The situation in Pittsburgh isn’t as outrageous, but it’s still threatening out-of-network headaches for scores of patients, many of whom may not even know what could happen to them. At issue is a dispute between Highmark, which has 60 percent of the insurance market in the area, and University of Pittsburgh Medical Center, a nonprofit behemoth with about 20 hospitals and 3,500 doctors. The current reimbursement contract between the two sides expires at the end of the year, and UPMC has refused to negotiate a new deal in retaliation for Highmark’s 2013 purchase of the West Penn Allegheny health system, which included five hospitals and about 1000 doctors. “UPMC’s argument is that Highmark now has an incentive to steer patients to Allegheny,” Alex Nixon, a business writer who has been following the story for the Pittsburgh Tribune-Review, told me. The upshot: UPMC will be out-of-network for Highmark customers, which means out-of-pocket costs for care there will skyrocket.
Late last week, Nixon reported that it won’t only be Highmark customers affected come January—but also some 275,000 others who have insurance from other Blue Cross plans, because they work for companies that are headquartered elsewhere, and use Highmark’s network. That’s hundreds of thousands of people who probably didn’t realize what’s happening to their access to the hospital, even if they’re following the news. (UPMC says it would be happy to negotiate a deal with Blue Cross plans that don’t own competing hospitals, but Blue Cross’s own rules prohibit plans from contracting directly with hospitals outside their home region.) Highmark has been pushing for a state law to force UPMC to renew its contract, but Nixon also reported last week that leaders in the state Senate had essentially told Highmark to take a hike.What did we say about hospitals often having the upper hand? Again, there’s a deeper story to explore here about the source of the hospital’s political power.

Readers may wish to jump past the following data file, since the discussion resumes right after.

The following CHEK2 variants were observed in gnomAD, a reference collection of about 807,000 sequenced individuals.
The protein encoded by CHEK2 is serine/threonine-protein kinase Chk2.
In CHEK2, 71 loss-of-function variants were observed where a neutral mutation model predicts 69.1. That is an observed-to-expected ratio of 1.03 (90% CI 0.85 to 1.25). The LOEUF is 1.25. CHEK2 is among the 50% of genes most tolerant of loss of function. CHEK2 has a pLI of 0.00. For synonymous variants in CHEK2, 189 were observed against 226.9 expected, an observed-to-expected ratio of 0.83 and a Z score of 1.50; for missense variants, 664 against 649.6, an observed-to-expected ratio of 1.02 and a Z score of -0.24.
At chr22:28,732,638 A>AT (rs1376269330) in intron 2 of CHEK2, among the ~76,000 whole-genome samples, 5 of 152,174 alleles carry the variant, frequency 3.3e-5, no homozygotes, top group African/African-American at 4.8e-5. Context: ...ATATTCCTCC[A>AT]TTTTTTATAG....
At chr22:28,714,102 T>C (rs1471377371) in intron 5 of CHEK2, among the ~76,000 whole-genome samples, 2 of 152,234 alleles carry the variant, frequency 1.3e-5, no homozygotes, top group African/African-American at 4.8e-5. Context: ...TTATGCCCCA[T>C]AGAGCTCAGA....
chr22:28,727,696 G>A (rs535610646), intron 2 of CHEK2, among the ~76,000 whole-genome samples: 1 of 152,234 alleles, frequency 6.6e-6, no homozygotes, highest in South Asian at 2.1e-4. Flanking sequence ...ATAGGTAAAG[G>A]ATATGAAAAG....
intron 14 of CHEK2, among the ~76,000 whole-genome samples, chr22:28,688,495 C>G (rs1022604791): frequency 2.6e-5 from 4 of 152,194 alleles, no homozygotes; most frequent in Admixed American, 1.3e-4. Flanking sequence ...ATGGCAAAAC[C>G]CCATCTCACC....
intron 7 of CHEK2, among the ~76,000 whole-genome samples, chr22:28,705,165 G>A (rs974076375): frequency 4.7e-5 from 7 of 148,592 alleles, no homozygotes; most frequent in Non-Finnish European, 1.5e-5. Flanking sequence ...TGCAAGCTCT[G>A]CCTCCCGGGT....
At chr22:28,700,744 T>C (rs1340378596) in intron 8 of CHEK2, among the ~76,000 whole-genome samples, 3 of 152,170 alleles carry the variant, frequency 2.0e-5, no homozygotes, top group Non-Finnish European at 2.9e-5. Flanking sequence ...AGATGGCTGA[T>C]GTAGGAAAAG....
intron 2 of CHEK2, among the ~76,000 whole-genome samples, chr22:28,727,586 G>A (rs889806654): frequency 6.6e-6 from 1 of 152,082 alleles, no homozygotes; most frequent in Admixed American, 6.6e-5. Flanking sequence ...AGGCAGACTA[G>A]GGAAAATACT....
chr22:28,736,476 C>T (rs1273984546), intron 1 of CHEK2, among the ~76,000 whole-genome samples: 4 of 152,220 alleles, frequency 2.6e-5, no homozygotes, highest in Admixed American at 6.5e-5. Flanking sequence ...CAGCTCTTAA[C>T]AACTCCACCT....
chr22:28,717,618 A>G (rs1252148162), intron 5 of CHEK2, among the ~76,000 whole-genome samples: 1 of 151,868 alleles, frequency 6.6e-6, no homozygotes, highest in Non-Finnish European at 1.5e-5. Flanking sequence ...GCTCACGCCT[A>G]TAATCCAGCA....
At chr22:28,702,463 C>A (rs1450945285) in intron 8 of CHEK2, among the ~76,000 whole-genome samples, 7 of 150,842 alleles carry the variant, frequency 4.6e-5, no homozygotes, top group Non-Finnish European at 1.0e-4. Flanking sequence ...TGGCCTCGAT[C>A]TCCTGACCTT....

In both of these cases, the insurer wants to have the hospital within its contracted network. But the situations in New Jersey and Pittsburgh are vital context for the rise of “narrow networks,” for reasons Commonwealth Fund president David Blumenthal explained in a blog post the other day. Under Obamacare, one of the few legitimate ways left for insurers to compete is on price. But to drive a hard bargain on prices with providers in an age of hospital consolidation, insurers need to be bigger than (or at least not much smaller than) providers—and private insurers can’t band together to get more clout. This logic drives insurers toward narrow networks to improve their leverage. For patients, that means less access to specialists. It also means the possibility of steady disruption in the doctors and hospitals you can use when negotiations don’t go smoothly, and of getting a ridiculously high bill when you get caught in the middle or don’t read the fine print.
“The controversy around narrow networks throws into bold relief a much broader debate about the roles of competitive and noncompetitive solutions to our nation’s healthcare problems,” Blumenthal wrote. Most other countries, he wrote, control healthcare costs and prices the way Medicare does—with the government acting as insurer and negotiating provider reimbursements. Patients generally can go to any doctor or hospital they like. But in the U.S, those “centralized regulatory solutions are anathema,” except for Medicare.
As hospital systems continue to consolidate, and to seek revenue even more aggressively, and insurance networks become narrower, more patient casualties will be scattered on the battlefields. This is a multi-dimensional story that requires probing coverage. Washburn and Nixon show it can be done.